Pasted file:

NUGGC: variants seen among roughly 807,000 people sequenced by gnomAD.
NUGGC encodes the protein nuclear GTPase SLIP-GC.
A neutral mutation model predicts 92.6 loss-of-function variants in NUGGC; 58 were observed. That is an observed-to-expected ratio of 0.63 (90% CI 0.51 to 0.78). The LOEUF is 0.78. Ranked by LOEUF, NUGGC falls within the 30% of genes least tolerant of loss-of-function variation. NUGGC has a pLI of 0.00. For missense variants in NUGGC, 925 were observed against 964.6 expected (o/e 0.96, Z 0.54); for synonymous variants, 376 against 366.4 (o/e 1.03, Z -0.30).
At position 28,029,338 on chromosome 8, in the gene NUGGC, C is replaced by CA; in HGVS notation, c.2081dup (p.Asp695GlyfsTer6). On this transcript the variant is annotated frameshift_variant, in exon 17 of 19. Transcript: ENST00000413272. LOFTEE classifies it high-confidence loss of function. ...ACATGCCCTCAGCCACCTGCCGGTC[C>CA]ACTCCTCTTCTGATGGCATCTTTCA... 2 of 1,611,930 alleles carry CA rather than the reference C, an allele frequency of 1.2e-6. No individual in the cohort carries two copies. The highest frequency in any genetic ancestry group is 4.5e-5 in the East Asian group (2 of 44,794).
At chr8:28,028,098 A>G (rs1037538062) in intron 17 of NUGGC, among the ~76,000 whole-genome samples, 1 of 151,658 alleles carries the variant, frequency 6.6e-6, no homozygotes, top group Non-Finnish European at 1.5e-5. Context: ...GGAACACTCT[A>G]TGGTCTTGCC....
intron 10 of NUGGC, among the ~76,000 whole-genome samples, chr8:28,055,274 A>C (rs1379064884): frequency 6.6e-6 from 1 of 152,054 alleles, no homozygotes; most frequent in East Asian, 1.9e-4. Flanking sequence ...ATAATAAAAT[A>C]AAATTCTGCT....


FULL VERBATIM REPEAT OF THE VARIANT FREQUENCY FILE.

NUGGC: variants seen among roughly 807,000 people sequenced by gnomAD.
NUGGC encodes the protein nuclear GTPase SLIP-GC.
A neutral mutation model predicts 92.6 loss-of-function variants in NUGGC; 58 were observed. That is an observed-to-expected ratio of 0.63 (90% CI 0.51 to 0.78). The LOEUF is 0.78. Ranked by LOEUF, NUGGC falls within the 30% of genes least tolerant of loss-of-function variation. NUGGC has a pLI of 0.00. For missense variants in NUGGC, 925 were observed against 964.6 expected (o/e 0.96, Z 0.54); for synonymous variants, 376 against 366.4 (o/e 1.03, Z -0.30).
At position 28,029,338 on chromosome 8, in the gene NUGGC, C is replaced by CA; in HGVS notation, c.2081dup (p.Asp695GlyfsTer6). On this transcript the variant is annotated frameshift_variant, in exon 17 of 19. Transcript: ENST00000413272. LOFTEE classifies it high-confidence loss of function. ...ACATGCCCTCAGCCACCTGCCGGTC[C>CA]ACTCCTCTTCTGATGGCATCTTTCA... 2 of 1,611,930 alleles carry CA rather than the reference C, an allele frequency of 1.2e-6. No individual in the cohort carries two copies. The highest frequency in any genetic ancestry group is 4.5e-5 in the East Asian group (2 of 44,794).
At chr8:28,028,098 A>G (rs1037538062) in intron 17 of NUGGC, among the ~76,000 whole-genome samples, 1 of 151,658 alleles carries the variant, frequency 6.6e-6, no homozygotes, top group Non-Finnish European at 1.5e-5. Context: ...GGAACACTCT[A>G]TGGTCTTGCC....
intron 10 of NUGGC, among the ~76,000 whole-genome samples, chr8:28,055,274 A>C (rs1379064884): frequency 6.6e-6 from 1 of 152,054 alleles, no homozygotes; most frequent in East Asian, 1.9e-4. Flanking sequence ...ATAATAAAAT[A>C]AAATTCTGCT....